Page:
To me this is the kenotic – self emptying – move. It’s not about a formula, or a quick list of do’s and don’ts, that ensure you’re sufficiently humble and Christ like. Instead it’s a posture, an invitation to think our faith through the lens of the cross, through the lens of a life poured out. I think that’s what Paul is doing in this passage he’s grabbing our shoulders, looking right into our eyes, and asking us “Do you see? Do you see the implications of the humiliation of God? Do you get what this means for you politically? Do you understand what this means for your patriotism? For your views on war?  For your posture towards the lowly and despised in society? Do you understand, Brett?

This passage in Philippians 2 is an invitation to think our lives, and our churches, in light of the unsettling memory of the crucified God.

Let us pray.

A Time to Embrace – part 3

Based on William Stacey Johnson’s book A Time to Embrace in part one of this series we covered a handful of cultural-philosophical arguments leveled against same sex marriage. In part two we turned to the Judeo-Christian Scriptures and reviewed a few of the more prominent verses that touch on ancient homoerotic practices, explored their historical background, and speculated on how they may or may not inform our perspective of same-sex relationships today. In this third and final post we’ll dig a bit more into how we approach the Scriptures and why the church needs to begin affirming same-sex relationships, however a brief word is in order on the context of this post before we jump in.

This argument will not convince the hardened skeptic among us; instead, it’s pointed at those within the church who find themselves on the fence of the “gay marriage” debate. It’s for those stuck between a powerful majority prepared to invoke the clobber passages at the drop of a hat on the one hand and a smaller but equally passionate group calling for full inclusion of their LGBT friends on the other. It’s meant as a cup of cold water for those in the parched desert of indecision – a barren place if ever there was one. It’s for the pastor or church leader who, while sympathetic to the plight of LGBT persons in our culture, hesitates in speaking out at the risk of splintering their congregation.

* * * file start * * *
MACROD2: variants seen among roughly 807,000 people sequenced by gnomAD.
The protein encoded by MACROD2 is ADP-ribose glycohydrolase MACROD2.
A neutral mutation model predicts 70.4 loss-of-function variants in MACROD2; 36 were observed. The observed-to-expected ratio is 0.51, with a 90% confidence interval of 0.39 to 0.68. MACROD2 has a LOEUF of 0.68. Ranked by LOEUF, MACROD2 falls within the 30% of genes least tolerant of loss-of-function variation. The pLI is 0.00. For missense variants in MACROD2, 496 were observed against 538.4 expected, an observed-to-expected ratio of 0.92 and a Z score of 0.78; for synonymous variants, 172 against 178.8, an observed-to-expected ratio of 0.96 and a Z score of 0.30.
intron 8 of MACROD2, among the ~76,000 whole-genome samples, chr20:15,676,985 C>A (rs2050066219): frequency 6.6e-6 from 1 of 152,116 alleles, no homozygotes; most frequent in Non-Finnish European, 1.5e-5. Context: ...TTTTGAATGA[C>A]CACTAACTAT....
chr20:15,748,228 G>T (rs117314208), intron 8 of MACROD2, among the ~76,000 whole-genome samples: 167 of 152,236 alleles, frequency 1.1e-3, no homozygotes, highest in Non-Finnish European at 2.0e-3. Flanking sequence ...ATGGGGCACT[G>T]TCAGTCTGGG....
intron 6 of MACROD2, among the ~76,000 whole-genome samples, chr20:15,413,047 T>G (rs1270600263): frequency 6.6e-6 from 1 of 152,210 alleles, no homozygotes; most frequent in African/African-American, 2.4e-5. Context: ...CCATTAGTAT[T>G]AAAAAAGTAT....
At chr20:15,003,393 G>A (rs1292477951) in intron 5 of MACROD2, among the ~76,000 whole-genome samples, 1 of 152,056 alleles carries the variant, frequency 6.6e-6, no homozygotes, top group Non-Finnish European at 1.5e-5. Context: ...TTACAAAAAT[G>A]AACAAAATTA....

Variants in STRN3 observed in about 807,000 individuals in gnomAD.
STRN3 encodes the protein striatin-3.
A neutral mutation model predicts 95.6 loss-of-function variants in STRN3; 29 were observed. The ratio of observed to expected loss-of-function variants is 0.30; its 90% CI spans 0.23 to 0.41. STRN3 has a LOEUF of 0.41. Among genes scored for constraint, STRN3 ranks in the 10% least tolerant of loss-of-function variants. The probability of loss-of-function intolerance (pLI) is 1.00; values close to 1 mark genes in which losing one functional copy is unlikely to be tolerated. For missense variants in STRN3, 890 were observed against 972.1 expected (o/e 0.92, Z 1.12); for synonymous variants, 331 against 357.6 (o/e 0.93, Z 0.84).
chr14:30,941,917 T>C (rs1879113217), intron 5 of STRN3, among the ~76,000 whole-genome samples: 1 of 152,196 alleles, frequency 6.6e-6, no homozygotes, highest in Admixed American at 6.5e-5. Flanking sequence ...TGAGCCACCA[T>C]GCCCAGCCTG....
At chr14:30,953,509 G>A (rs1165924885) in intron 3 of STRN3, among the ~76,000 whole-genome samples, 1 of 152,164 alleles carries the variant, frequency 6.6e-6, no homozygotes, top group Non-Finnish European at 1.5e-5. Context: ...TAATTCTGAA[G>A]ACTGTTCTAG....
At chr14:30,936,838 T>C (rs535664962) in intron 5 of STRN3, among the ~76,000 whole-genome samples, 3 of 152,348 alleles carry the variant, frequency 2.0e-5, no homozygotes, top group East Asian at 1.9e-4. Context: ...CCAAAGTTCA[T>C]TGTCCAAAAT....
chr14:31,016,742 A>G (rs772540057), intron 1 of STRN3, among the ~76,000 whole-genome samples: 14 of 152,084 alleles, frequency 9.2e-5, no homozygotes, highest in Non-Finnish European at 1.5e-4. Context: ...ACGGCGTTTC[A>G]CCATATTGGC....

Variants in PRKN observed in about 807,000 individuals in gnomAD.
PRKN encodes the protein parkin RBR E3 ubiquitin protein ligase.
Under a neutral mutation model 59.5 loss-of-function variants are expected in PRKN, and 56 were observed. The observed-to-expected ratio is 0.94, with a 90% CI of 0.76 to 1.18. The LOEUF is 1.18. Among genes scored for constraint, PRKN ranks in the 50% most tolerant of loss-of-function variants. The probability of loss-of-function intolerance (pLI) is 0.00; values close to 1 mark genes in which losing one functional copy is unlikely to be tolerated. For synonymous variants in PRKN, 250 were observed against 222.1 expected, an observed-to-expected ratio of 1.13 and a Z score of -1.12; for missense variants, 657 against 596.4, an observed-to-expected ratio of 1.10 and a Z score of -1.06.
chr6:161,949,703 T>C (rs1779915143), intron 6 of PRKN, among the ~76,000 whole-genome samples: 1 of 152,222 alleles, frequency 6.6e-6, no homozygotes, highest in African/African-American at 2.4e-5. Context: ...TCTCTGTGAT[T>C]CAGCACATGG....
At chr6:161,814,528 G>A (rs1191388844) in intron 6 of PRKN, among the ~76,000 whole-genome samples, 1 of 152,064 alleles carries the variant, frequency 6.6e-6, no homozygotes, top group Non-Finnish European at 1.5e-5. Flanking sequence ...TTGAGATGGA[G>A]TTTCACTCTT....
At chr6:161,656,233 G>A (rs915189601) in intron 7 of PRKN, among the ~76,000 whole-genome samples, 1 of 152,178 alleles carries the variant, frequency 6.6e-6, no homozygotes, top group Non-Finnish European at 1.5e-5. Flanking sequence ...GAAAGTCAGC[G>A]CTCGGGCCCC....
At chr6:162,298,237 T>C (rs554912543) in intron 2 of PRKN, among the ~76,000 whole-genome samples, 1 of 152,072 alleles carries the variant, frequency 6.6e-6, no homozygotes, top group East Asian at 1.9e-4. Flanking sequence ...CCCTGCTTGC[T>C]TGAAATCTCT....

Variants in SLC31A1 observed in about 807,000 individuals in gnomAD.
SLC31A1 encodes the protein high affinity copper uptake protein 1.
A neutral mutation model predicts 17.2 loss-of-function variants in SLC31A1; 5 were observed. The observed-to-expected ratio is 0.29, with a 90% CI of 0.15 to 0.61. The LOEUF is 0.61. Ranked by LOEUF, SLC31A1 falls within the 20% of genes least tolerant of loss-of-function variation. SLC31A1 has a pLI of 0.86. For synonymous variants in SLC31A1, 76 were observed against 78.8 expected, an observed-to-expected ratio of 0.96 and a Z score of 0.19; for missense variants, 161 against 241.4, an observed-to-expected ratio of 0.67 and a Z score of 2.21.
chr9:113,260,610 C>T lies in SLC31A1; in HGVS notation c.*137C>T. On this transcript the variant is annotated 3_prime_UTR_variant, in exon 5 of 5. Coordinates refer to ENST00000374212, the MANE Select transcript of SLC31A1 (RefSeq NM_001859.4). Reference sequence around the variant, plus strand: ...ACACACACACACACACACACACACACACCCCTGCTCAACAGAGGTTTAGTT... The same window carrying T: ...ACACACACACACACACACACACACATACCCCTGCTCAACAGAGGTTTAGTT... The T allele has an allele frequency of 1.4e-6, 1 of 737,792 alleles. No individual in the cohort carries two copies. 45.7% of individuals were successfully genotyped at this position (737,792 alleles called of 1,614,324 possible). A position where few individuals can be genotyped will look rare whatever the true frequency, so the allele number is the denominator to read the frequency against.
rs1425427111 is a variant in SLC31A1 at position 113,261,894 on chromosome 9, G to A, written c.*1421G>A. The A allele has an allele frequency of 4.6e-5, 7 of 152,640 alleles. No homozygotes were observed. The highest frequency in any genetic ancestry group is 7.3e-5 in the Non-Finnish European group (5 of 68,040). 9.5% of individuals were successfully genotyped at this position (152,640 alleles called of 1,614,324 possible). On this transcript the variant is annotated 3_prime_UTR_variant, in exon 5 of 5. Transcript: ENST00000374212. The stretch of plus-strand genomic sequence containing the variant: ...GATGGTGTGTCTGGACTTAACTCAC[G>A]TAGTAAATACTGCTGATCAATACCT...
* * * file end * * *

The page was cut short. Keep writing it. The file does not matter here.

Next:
Our Approach to Scripture

I’ve often reflected on how I can be so confident about my decision to never attend a church again where my wife couldn’t be fully embraced as a women every bit as capable, mature, and called by God to lead and teach as any man on God’s  green earth – because truth be told – this wasn’t always the case.

I can still recall various conversations with other men through the years on this topic (it’s interesting that these conversations always took place with other men in much the same way the LGBT discussions are nearly always held without LGBT people). We’d normally begin with some non-sense about women being too emotional to lead and top it off with a discussion of 1 Timothy 2 (women should keep their heads covered, hair long, and mouths shut). I admit to being a bit shocked later on when I learned the cultural background of those verses and others like them but it wasn’t enough to convince me; I was a Bible believing Christian after all and couldn’t risk 2,000 years of church tradition over an issue like this. And so it might have continued to this day had not fate intervened and led me to join the staff of a church that, while relatively conservative on every other matter, happened to embrace women at every level of leadership. And what did I observe? Women were thriving. Seriously, they were kick ass teachers, counselors, pastors and elders. In many churches I’d either attended or heard of, women were second class citizens of sorts, free to run the bake sale (anything food or children related was normally within their domain) but not much beyond that and this either frustrated them, at which point they were often labeled “strong” women – which wasn’t a compliment, or it turned them into docile mousy women who embraced their oppression and even thanked God for it. Neither of those seemed very healthy to me, however now I observed them as equals, now they had a place at the table and it was exhilarating to behold. This experience was incredibly formative for me because from it I gained the following hermeneutic (method of interpretation) that’s guided me ever sense: any interpretation of Scripture that results in oppression, suffering, discouragement, and pain in people’s lives is the wrong interpretation.